Format: Picture Books
Dimensions: 176 pages, 9.88 × 6.81 × 0.81 in
Published: October 14, 2014
Publisher: Candlewick Press
The following ISBNs are associated with this title:
ISBN - 10: 0763676217
ISBN - 13: 9780763676216
From the Publisher
Which came first? No words are necessary in this beautiful, artfully humorous book, in which every turn of the page offers a surprise.
Everyone knows that a tiny acorn grows into a mighty oak and a caterpillar becomes a butterfly. But in this clever, visually enchanting volume, it’s also true that a cow can result in both a bottle of milk and a painting of a cow, and an ape in a jungle may become an urban King Kong. Just as day turns into night and back again, a many-tiered cake is both created and eaten down to a single piece. With simple, graphic illustrations sure to appeal to even the youngest of children, this beautiful rumination on the passage of time will please the most discerning adult readers, too.
About the Author
Matthias Arégui studied illustration at the School of Decorative Arts in Strasbourg, France. He created the picture book ABC des Tracas with Anne-Margot Ramstein and is working on his first comic book. He lives in France.
Anne-Margot Ramstein studied art in Paris before joining the School of Decorative Arts in Strasbourg. She created illustrations for ABC des Tracas with Matthias Arégui as well as the children’s book Les Illuminations D’Albert Einstein. She lives in France.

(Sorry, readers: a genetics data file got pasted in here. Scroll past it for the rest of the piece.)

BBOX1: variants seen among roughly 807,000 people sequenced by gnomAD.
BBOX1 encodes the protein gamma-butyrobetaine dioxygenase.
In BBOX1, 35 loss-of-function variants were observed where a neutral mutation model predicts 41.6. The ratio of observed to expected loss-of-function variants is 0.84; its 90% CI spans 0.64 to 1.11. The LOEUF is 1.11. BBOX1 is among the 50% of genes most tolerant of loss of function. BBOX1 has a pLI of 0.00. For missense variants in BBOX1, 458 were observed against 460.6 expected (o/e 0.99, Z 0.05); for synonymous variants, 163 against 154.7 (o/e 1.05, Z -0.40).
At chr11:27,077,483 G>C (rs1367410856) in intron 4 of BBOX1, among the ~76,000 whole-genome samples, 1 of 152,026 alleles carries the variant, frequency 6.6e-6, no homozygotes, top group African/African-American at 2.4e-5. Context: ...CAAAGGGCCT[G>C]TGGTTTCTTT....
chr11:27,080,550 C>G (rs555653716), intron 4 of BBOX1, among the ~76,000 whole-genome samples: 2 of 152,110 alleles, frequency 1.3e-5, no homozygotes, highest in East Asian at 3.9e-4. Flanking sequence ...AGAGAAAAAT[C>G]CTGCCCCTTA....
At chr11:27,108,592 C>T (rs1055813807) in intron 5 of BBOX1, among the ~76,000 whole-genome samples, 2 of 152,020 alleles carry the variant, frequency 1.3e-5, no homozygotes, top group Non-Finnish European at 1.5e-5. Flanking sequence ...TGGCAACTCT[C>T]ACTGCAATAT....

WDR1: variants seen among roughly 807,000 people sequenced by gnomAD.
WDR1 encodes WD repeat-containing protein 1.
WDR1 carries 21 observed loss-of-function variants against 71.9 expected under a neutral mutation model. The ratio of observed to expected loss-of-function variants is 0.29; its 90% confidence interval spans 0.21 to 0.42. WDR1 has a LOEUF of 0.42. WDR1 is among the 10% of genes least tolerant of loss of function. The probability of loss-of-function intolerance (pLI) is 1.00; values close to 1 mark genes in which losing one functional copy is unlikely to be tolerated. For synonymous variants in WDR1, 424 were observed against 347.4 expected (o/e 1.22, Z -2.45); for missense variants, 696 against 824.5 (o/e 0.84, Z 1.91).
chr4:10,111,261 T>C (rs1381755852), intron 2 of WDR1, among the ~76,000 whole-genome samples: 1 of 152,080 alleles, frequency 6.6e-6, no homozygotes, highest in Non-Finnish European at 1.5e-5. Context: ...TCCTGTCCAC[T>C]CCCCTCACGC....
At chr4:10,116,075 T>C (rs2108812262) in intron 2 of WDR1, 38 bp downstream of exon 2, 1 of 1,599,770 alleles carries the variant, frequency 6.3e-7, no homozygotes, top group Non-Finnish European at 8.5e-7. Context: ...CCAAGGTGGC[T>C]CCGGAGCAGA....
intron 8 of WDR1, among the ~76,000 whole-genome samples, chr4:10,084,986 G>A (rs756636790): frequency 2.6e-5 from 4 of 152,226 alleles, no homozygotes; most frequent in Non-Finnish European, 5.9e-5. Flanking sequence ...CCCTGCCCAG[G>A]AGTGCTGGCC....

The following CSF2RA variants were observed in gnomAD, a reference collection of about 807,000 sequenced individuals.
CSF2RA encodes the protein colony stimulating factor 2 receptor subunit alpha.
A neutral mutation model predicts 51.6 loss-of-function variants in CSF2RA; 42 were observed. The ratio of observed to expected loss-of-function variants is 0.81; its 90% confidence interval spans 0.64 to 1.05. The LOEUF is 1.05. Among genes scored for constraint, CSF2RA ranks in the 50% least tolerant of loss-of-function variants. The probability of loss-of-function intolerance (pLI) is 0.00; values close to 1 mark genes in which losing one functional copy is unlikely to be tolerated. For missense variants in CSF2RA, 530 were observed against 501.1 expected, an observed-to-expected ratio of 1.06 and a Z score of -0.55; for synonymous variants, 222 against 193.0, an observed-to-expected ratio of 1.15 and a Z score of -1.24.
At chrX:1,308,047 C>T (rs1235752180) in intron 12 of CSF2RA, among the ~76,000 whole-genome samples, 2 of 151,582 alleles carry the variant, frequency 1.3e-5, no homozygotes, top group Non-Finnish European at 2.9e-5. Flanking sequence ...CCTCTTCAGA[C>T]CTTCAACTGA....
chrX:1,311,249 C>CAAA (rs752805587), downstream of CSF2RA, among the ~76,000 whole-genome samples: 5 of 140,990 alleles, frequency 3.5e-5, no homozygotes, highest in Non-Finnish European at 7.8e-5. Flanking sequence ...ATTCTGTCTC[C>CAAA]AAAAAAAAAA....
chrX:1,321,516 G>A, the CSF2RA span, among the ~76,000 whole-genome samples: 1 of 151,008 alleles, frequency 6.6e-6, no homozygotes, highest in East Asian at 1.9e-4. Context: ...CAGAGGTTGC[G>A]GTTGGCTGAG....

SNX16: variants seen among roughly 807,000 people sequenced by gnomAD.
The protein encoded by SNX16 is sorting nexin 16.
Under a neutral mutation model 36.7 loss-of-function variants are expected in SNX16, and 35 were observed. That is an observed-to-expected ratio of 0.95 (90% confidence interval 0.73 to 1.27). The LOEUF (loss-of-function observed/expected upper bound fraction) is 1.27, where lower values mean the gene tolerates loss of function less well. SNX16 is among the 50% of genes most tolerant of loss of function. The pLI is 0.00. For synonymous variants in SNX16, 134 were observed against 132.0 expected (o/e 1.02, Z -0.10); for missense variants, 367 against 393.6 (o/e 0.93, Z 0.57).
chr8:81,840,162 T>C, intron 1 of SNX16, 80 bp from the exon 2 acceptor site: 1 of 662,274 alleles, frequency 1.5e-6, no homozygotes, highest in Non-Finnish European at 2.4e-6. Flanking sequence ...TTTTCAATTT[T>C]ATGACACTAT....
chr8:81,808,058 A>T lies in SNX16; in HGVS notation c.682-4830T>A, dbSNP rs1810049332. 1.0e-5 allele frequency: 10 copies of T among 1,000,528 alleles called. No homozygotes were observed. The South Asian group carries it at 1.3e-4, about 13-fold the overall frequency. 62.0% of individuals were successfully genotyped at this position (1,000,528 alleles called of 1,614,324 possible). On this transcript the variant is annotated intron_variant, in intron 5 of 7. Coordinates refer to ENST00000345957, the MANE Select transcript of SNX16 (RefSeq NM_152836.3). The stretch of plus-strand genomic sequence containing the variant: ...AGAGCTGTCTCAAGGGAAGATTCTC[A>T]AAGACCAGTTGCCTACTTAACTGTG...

Crisply outlined digital images are tinted with muted pastels and splashed with warmer colors. Some are serious, others contain flashes of wit, and an air of scientific objectivity makes the humor even funnier. ... It’s a fascinating examination of the work that time does, and it offers new possibilities—and smiles —every time it’s read. —Publishers Weekly (starred review) A humorous, intriguing, fascinating, insightful look at the concept of before and after, including the small (such as the acorn and oak) to the more complex (the building of a city). Ramstein’s artwork has a fine-lined, almost Chris Ware–like sophistication, and the result will be readers, young and old, paging through the book multiple times, both for aha moments as well as hidden depths. —Booklist The clean, subdued-palette digital illustrations make the connections crystal clear as identical objects are copied and recolored. ... Like many wordless books, this one is not meant to be shared in silence. The comments and conversations it provokes are at least half the fun. —The Horn Book This harmonious album of clean-lined, very simple images in before-and-after pairs or short sequences practically compels viewers to ruminate about changes and seasons. ... Younger children will enjoy the mild challenge of figuring out the connections between, for instance, a slingshot and a broken window, a homing pigeon and an airmail envelope, a woolly sheep and (sever